The remains of the MV Gulf Stream have further deteriorated over the last few years. The stern and bow areas have crumbled, leaving just the middle as a noticeable vessel.
The former steam yacht, converted to a diesel passenger ferry, struck Dinner Island in October 1947. She ran aground and tipped over 45 degrees, killing five passegners. The wreck slipped further down the pinnacle and now rests in 150-110 feet of water.
The wreck is deep and dark with almost no light making it to the watery graveyard. There’s little to see but structural remains, however a large cloud sponge still hangs midship while a handful of rockfish scatter around like the local neighbourhood watch association.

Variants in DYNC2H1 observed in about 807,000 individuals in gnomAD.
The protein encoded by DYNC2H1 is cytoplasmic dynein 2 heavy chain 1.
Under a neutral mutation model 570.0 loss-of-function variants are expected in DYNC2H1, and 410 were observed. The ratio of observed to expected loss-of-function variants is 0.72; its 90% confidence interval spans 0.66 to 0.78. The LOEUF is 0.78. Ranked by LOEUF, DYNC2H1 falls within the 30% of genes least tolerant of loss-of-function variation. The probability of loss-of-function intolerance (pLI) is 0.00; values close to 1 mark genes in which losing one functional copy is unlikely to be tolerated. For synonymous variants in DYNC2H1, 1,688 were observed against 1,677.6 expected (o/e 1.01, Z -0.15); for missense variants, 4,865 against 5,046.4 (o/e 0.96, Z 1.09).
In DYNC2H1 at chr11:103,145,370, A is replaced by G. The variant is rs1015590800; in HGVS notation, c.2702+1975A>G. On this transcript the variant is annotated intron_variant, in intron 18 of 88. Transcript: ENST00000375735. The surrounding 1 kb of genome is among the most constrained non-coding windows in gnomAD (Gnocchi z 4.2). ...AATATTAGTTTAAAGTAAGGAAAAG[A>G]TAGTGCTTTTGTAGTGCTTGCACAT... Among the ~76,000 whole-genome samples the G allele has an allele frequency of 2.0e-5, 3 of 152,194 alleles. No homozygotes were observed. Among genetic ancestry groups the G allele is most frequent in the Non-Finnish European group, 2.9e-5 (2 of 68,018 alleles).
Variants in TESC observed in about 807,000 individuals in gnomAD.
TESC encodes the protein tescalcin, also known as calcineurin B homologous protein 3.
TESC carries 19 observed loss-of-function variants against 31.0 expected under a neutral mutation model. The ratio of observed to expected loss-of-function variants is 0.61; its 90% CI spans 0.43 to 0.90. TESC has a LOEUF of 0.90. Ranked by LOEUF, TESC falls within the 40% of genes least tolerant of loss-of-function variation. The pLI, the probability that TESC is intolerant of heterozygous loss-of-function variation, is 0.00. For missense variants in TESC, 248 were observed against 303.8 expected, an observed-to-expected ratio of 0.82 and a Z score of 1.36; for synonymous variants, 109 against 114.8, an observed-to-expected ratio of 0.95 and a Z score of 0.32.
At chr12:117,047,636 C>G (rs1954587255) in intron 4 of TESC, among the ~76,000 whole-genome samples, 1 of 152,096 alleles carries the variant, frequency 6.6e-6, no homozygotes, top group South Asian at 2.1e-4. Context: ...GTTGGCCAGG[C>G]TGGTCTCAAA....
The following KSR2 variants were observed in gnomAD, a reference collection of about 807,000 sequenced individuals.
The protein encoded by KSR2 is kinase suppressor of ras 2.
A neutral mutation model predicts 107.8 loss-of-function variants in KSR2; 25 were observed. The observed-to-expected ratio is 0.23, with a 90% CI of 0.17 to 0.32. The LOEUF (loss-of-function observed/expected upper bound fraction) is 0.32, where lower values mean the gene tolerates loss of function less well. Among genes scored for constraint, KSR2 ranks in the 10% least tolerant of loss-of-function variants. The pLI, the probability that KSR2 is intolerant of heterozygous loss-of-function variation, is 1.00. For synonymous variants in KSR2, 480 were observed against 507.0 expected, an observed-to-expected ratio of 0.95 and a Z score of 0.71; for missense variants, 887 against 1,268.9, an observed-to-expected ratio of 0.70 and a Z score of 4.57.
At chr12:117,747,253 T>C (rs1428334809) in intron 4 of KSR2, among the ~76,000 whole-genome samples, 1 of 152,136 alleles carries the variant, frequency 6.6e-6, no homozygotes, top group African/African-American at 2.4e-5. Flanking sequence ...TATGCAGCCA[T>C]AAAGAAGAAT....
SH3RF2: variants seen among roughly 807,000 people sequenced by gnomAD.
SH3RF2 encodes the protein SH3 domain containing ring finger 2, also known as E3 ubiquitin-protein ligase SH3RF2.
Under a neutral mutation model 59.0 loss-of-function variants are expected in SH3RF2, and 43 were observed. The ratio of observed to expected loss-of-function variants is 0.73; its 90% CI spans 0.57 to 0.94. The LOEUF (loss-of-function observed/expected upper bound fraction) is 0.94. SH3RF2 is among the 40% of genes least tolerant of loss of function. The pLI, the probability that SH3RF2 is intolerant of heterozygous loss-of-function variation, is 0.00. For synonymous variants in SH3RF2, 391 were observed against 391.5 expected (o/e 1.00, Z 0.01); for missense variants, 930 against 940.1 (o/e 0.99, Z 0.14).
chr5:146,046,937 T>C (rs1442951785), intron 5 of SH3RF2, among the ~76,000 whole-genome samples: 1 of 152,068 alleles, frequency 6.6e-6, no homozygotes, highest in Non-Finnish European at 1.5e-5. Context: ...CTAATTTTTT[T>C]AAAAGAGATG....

It is an interesting dive and a look back into British Columbia’s maritime history.
Dinner Island itself offers some great diving. High currents that whip through the submerged boulders have created beautiful vistas made of orange and white plumose anemones. Just not on this day, this day the visibility was reduced in the shallows to a foggy cloud.
Big Animal Encounters offer diving to both the SS Capilano and the MV Gulf Stream.